Good guy with a gun mistakenly shot and killed by the Phoenix Police [VIDEO]
Courtesy Phoenix PD
A recent gunfight in Phoenix that involved an officer offers a multitude of lessons from which we can all learn. There a policeman mistakenly shot a man with a gun who was holding two shoplifters at gunpoint. Both parties made mistakes, but William Brookins, 39, paid for his well-meaning good Samaritanism with his life.
Brookins, the good guy, apparently watched a couple of shoplifters flee a store. As a passenger in an SUV, he had the driver follow the couple to a nearby parking lot, where he confronted them at gunpoint.
A nearby Phoenix police officer heard the commotion and responded. Radio transmissions indicate that the police officer thought the black Brookins was an armed robber and that the two white (alleged) shoplifters were victims of an armed robbery.
The officer called to Brookins to drop the gun and opened fire a moment later. Brookins went down and died of his wounds after almost a week in the hospital.
Here is the video from Phoenix PD.
Lessons for all of us
There is a lot to learn here for every gun owner.
First of all, this weapon that you carry as a legally armed citizen does not look or work like a badge. You are not a cop. You are not even a “junior cop” like my kids were after a very nice cop gave you a sticker after answering a call at my home.
Legal justification (or lack thereof)
Why Mr. Brookins took it upon himself to draw his gun to intervene in a shoplifting incident is a mystery to me. From the very limited information provided by Phoenix PD, Mr Brookins’ actions were likely to have been in good faith, but they did not seem remotely justified.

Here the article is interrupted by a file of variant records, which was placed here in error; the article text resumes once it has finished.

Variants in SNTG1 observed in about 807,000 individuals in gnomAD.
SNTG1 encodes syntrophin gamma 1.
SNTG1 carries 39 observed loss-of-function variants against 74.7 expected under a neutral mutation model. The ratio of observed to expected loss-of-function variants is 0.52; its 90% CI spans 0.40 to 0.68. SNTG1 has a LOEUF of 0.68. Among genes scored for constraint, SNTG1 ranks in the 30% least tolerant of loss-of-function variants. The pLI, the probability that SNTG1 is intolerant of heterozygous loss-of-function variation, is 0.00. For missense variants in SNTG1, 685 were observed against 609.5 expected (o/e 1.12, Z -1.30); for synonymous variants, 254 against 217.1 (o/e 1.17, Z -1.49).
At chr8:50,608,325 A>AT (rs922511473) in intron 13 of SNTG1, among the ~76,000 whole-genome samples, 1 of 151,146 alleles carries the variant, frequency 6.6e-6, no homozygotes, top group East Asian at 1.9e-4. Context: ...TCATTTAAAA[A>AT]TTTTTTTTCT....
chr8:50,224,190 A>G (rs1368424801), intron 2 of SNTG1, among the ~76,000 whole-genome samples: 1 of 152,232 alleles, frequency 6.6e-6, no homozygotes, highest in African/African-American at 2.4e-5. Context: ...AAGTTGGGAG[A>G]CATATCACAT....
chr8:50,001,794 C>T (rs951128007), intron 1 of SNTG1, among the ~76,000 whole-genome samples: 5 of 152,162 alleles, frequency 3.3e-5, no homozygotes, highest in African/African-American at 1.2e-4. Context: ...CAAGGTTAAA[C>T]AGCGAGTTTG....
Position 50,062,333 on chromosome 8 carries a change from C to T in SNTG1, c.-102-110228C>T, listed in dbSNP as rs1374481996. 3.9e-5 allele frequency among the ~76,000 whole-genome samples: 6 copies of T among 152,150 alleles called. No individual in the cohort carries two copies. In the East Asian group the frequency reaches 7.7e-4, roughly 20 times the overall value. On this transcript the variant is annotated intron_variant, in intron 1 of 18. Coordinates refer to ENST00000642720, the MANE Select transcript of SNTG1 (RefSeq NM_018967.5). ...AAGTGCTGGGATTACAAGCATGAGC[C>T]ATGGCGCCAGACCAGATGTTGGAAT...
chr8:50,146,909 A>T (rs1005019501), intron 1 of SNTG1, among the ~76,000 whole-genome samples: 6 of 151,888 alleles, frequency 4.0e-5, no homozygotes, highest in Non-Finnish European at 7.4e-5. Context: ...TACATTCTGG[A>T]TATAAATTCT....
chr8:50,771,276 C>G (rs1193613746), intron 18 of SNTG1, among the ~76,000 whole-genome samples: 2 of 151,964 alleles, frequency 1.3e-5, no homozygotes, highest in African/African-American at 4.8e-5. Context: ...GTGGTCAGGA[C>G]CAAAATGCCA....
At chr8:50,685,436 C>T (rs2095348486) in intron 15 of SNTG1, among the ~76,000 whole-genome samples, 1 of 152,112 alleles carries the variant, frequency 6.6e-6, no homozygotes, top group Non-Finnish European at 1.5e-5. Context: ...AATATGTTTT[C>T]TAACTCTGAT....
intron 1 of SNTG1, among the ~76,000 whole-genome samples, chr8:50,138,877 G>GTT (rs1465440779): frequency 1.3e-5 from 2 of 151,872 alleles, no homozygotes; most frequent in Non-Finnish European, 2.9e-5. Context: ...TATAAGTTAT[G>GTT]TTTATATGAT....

With very few exceptions, the law justifies the use of lethal force only to prevent the imminent killing or grievous bodily harm of an innocent person. In addition, the Supreme Court has also ruled on the use of lethal force against fleeing felons (again, this is generally prohibited). I strongly recommend finding competent training on how to use lethal force sensibly when you own a gun and twice as when you are carrying it outside of your home.
Competent training does not mean just reading the laws of your state in a Powerpoint presentation. Court precedents, real-world prosecution policies, and much more all play a role in knowing the standards by which you can and should act in order to get out of jail after using a firearm in a given situation.
For example, in my home state of Illinois, burglary is a violent crime. According to our statutes, lethal violence is justified in order to stop the commission of a violent crime.
In the real world, if you think you can shoot someone stealing a Craftsman lawnmower while it breaks into your garage (grown or not), that probably won’t work that well for you, especially in the more populous country of Lincoln Counties . Not to mention what it will look like to a jury that you killed someone’s son or daughter to protect your lawnmower.
Like so many of us, Mr. Brookins seems to have suffered from tunnel vision. This is a common mistake that ended up being fatal in this case.
He didn’t hear a witness (possibly the person with Mr. Brookins) and the cop yelling at him. If you haven’t trained to break tunnel vision, it will happen to you even under stress. The good news is it happens to bad guys too.